Deadly Force in Defense of Self or Others

The law establishes special rules for using deadly force for self defense or the defense of others. Specifically it prohibits people from using deadly force for self defense or the defense of someone else unless they reasonably believe that an attacker is using or about to use deadly physical force or inflicting or about to inflict great bodily harm on them or someone else (CGS 53a-19(b)).

Additionally, the law prohibits people from using deadly force for self defense or the defense of someone else if they know they can avoid doing so with complete safety by:

1. retreating,

2. surrendering possession to property the aggressor claims to own, or

3. obeying a demand that he not take an action he is not otherwise required to take.

But the law specifies that someone does not have to retreat from his or her dwelling or workplace before using deadly force in self defense or in defense of someone else if he or she was not the initial aggressor. The law defines a “dwelling” as a building, which is usually occupied by a person lodging there at night (CGS 53a-100));

Lastly, a person is not justified in using physical force when (1) with intent to cause physical injury or death to another person, he or she provokes the person to use physical force; (2) use of such force was the product of a combat by agreement not specifically authorized by law; or (3) he or she is the initial aggressor, unless he or she withdraws from the encounter, effectively communicates this intent to the other person, and the other person continues to or threatens to use physical force) (CGS 53a-19).

Physical Force to Defend Premises

A person who possesses or controls property or has a license or privilege to be in or on it is justified in using reasonable physical force when and to the extent he reasonably believes it to be necessary to stop another from trespassing or attempting to trespass in or upon it (CGS 53a-20).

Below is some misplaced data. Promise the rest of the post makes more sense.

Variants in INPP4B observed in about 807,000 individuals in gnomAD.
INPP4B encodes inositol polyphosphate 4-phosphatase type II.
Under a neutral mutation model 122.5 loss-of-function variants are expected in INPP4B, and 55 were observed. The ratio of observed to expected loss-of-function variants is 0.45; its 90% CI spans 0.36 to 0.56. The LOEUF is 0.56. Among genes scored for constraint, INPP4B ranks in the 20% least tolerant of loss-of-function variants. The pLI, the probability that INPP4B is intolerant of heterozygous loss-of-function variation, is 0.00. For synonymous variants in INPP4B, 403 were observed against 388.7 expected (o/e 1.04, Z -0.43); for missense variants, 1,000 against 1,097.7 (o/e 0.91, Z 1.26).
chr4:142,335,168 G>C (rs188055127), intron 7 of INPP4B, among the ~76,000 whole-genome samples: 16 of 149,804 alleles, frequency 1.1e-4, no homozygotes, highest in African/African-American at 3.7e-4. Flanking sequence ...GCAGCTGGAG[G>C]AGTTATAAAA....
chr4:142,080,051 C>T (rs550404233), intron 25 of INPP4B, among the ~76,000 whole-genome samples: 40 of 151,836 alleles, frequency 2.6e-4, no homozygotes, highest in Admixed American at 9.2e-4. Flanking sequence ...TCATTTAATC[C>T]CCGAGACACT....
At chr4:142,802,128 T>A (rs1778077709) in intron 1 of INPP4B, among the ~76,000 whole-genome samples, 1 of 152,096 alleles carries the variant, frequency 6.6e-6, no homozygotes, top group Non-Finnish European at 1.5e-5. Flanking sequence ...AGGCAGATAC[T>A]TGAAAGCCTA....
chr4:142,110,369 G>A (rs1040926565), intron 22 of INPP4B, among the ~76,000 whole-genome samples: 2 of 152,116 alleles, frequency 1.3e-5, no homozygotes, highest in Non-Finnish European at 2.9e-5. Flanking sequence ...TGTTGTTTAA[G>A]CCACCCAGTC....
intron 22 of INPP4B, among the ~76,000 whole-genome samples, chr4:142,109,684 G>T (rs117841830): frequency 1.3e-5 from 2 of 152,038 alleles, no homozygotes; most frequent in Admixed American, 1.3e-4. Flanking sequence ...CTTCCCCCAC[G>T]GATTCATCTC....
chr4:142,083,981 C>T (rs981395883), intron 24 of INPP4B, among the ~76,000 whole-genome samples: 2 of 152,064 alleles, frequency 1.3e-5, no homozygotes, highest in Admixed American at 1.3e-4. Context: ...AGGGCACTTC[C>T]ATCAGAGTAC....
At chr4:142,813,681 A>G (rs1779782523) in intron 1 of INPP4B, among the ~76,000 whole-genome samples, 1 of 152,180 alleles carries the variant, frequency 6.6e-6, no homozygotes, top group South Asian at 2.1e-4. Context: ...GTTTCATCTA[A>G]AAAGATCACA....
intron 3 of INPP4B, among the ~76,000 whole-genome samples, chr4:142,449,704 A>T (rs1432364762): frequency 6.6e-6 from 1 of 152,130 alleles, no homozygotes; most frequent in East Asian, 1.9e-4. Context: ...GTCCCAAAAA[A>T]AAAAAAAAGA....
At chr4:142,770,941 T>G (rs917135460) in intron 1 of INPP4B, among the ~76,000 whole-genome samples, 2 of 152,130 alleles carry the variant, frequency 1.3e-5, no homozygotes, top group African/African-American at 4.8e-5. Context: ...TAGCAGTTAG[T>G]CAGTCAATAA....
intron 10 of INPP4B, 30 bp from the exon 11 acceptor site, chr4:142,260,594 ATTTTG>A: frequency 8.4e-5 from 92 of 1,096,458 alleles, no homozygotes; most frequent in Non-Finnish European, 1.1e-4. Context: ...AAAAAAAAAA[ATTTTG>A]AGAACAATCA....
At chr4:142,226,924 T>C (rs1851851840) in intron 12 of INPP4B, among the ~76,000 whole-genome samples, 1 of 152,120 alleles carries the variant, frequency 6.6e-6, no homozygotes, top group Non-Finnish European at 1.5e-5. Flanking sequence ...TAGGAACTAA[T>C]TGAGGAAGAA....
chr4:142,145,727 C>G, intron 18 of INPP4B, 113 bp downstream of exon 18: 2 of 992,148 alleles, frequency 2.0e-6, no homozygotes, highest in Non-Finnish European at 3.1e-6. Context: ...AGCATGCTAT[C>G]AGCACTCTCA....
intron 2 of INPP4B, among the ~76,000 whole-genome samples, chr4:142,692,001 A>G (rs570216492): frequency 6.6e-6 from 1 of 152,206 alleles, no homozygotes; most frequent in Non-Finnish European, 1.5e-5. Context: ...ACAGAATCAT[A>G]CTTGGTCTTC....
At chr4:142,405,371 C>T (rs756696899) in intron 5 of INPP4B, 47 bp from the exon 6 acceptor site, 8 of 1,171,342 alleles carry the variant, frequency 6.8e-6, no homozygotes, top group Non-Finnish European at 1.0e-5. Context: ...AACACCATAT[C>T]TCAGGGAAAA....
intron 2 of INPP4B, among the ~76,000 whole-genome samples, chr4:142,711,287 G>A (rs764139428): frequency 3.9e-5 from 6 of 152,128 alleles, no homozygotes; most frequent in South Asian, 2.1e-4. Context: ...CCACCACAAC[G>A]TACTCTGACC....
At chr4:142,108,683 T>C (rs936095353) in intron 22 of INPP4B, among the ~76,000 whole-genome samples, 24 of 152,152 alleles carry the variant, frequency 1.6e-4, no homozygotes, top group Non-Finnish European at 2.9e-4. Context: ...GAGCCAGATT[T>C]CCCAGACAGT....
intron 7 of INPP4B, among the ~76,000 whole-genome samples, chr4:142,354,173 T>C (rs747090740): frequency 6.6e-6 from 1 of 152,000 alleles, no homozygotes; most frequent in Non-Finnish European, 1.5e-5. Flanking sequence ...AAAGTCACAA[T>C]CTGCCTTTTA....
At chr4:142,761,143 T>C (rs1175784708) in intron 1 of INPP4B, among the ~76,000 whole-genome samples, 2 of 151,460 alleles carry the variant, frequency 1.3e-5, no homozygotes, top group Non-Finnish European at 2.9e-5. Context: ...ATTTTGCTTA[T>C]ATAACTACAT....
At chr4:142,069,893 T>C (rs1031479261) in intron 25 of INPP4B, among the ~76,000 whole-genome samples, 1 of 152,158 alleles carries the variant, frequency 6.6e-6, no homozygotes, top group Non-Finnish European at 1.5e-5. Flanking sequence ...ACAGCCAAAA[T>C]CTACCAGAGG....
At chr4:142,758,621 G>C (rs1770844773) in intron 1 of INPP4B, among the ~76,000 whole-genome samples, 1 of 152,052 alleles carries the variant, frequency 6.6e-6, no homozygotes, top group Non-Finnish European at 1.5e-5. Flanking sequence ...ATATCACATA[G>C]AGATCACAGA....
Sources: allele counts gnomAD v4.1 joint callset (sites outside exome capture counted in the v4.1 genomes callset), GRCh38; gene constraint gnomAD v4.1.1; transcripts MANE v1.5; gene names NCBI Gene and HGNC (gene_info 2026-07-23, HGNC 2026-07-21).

Deadly Force to Defend Premises

Just as in the case of self defense the law establishes special rules for using deadly force to defend premises. Specifically, the law allows someone who possesses or controls property, or has a license or privilege to be in or on it, to use deadly physical force only:

1. for self defense or the defense of someone else unless he or she reasonably believe that an attacker is using or about to use deadly physical force, or inflicting or about to inflict great bodily harm on him or her or on someone else;

2. when he or she reasonably believes it is necessary to prevent the trespasser from attempting to commit arson or any violent crime; or

3. to the extent he or she reasonably believes it is necessary to stop someone from forcibly entering his or her or her home or workplace and for the sole purpose of stopping the intruder (CGS 53a-20).

Physical Force in Defense of Property

A person is justified in using reasonable physical force when and to the extent he or she reasonably believes it necessary to (1) prevent attempted larceny or criminal mischief involving property or (2) regain property that he or she reasonably believes was stolen shortly before.

When defending property, deadly force may be used only when it is necessary to defend a person from the use or imminent use of deadly physical force or infliction or imminent infliction of great bodily harm as described above (CGS 53a-21).

CONNECTICUT COURT DECISIONS ON SELF DEFENSE

Use of Force

Under a theory of self defense, a criminal defendant basically admits engaging in the conduct, but claims that his or her or her conduct was legally justified (State v. Collins, 100 Conn. App. 833 (2007)).

Belief of Use of Force by Another

A person may justifiably use deadly force in self-defense only if he reasonably believes both (1) his or her attacker is using or about to use deadly physical force against him, or is inflicting or about to inflict great bodily harm and (2) that deadly force is necessary to repel such an attack (State v. Abney, 88 Conn. App. 495, cert den. 274 Conn. 906 (2005)).